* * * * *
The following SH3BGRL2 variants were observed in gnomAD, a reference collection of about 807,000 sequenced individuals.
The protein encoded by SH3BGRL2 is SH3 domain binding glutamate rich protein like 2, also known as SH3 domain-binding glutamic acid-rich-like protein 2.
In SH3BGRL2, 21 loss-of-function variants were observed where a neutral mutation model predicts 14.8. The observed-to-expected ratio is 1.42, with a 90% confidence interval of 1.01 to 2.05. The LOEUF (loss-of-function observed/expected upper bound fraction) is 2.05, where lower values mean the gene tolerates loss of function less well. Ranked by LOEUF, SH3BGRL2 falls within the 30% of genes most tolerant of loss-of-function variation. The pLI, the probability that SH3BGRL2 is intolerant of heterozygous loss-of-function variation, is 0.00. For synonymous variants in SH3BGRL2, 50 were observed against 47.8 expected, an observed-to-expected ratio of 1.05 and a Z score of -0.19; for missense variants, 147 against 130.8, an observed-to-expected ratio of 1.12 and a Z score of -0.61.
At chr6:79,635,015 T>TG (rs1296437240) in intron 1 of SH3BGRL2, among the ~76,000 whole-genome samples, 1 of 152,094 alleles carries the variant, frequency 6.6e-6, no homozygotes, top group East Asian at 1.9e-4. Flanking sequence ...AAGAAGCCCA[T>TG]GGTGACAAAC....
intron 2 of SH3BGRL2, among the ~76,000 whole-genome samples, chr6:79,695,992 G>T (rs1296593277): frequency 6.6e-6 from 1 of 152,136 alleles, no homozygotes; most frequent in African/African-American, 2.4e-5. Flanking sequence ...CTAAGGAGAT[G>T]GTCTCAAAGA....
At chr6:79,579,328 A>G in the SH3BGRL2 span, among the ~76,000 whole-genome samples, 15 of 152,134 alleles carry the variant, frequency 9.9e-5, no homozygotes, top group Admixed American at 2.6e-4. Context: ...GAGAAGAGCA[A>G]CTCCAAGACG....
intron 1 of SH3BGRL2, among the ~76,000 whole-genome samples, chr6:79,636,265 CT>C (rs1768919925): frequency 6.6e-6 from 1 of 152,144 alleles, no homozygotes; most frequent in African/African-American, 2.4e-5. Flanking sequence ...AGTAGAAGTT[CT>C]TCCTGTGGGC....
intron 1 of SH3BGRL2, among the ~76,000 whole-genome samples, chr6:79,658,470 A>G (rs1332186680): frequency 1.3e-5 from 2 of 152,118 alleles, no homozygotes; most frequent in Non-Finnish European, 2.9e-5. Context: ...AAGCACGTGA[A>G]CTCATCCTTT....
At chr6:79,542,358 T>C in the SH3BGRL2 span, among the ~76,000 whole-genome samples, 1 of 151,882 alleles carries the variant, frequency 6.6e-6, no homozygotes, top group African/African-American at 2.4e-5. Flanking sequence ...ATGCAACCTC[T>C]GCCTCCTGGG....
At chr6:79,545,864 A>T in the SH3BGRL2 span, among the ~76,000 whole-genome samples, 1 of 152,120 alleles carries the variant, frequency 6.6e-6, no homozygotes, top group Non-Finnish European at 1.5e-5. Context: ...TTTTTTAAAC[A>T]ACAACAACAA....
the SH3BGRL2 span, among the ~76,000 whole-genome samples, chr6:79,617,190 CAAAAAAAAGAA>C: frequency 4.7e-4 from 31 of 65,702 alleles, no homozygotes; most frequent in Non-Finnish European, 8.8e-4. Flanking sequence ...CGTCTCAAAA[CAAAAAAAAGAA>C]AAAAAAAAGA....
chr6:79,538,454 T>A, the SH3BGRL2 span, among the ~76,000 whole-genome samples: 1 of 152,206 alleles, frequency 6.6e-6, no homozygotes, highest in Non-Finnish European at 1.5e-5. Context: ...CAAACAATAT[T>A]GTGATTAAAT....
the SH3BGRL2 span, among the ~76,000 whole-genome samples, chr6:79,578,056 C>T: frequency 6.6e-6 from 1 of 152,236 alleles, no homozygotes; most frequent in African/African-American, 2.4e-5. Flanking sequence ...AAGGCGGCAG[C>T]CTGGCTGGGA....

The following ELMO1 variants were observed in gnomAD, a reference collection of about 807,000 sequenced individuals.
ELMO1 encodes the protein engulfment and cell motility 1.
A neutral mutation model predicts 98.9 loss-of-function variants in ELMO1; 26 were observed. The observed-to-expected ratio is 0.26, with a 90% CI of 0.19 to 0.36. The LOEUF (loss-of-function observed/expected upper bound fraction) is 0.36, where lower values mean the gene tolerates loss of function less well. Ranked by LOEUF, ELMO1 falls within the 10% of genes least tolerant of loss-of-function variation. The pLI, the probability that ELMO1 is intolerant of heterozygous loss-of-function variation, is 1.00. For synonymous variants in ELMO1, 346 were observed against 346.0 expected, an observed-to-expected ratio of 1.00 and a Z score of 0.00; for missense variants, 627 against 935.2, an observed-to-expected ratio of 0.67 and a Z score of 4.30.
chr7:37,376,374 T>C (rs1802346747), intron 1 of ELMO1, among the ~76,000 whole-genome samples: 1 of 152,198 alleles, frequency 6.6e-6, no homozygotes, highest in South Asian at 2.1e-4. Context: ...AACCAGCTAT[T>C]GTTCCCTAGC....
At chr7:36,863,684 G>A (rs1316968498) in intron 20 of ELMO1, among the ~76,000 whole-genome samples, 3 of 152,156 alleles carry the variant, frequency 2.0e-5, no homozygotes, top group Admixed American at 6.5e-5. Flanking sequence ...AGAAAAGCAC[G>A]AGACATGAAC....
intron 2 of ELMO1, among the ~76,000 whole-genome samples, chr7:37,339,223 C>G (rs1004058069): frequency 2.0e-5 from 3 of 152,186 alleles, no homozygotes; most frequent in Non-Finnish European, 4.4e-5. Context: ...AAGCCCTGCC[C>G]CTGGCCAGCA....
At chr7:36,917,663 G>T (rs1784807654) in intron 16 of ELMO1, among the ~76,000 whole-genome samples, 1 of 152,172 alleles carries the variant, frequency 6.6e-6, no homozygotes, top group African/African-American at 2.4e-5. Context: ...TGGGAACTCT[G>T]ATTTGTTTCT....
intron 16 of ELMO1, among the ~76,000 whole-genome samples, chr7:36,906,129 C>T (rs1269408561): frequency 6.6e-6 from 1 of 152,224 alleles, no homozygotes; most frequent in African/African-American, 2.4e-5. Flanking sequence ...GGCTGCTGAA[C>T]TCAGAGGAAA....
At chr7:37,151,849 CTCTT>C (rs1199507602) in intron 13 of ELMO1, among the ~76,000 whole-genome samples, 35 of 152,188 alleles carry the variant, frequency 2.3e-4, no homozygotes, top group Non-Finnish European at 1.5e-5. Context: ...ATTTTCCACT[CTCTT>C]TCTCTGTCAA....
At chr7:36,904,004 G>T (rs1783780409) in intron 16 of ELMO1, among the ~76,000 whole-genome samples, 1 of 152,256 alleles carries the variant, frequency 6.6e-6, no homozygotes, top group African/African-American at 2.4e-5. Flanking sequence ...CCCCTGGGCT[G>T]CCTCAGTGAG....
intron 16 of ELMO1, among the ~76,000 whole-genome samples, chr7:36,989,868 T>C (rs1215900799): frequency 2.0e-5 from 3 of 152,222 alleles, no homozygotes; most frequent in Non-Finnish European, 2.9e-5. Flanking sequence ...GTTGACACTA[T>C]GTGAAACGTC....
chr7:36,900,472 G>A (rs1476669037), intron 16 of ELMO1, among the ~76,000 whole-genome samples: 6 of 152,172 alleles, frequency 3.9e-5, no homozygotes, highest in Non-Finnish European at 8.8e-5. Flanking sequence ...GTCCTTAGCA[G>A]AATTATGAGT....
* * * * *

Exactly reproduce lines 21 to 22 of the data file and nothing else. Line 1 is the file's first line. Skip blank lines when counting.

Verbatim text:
intron 16 of ELMO1, among the ~76,000 whole-genome samples, chr7:36,906,129 C>T (rs1269408561): frequency 6.6e-6 from 1 of 152,224 alleles, no homozygotes; most frequent in African/African-American, 2.4e-5. Flanking sequence ...GGCTGCTGAA[C>T]TCAGAGGAAA....
At chr7:37,151,849 CTCTT>C (rs1199507602) in intron 13 of ELMO1, among the ~76,000 whole-genome samples, 35 of 152,188 alleles carry the variant, frequency 2.3e-4, no homozygotes, top group Non-Finnish European at 1.5e-5. Context: ...ATTTTCCACT[CTCTT>C]TCTCTGTCAA....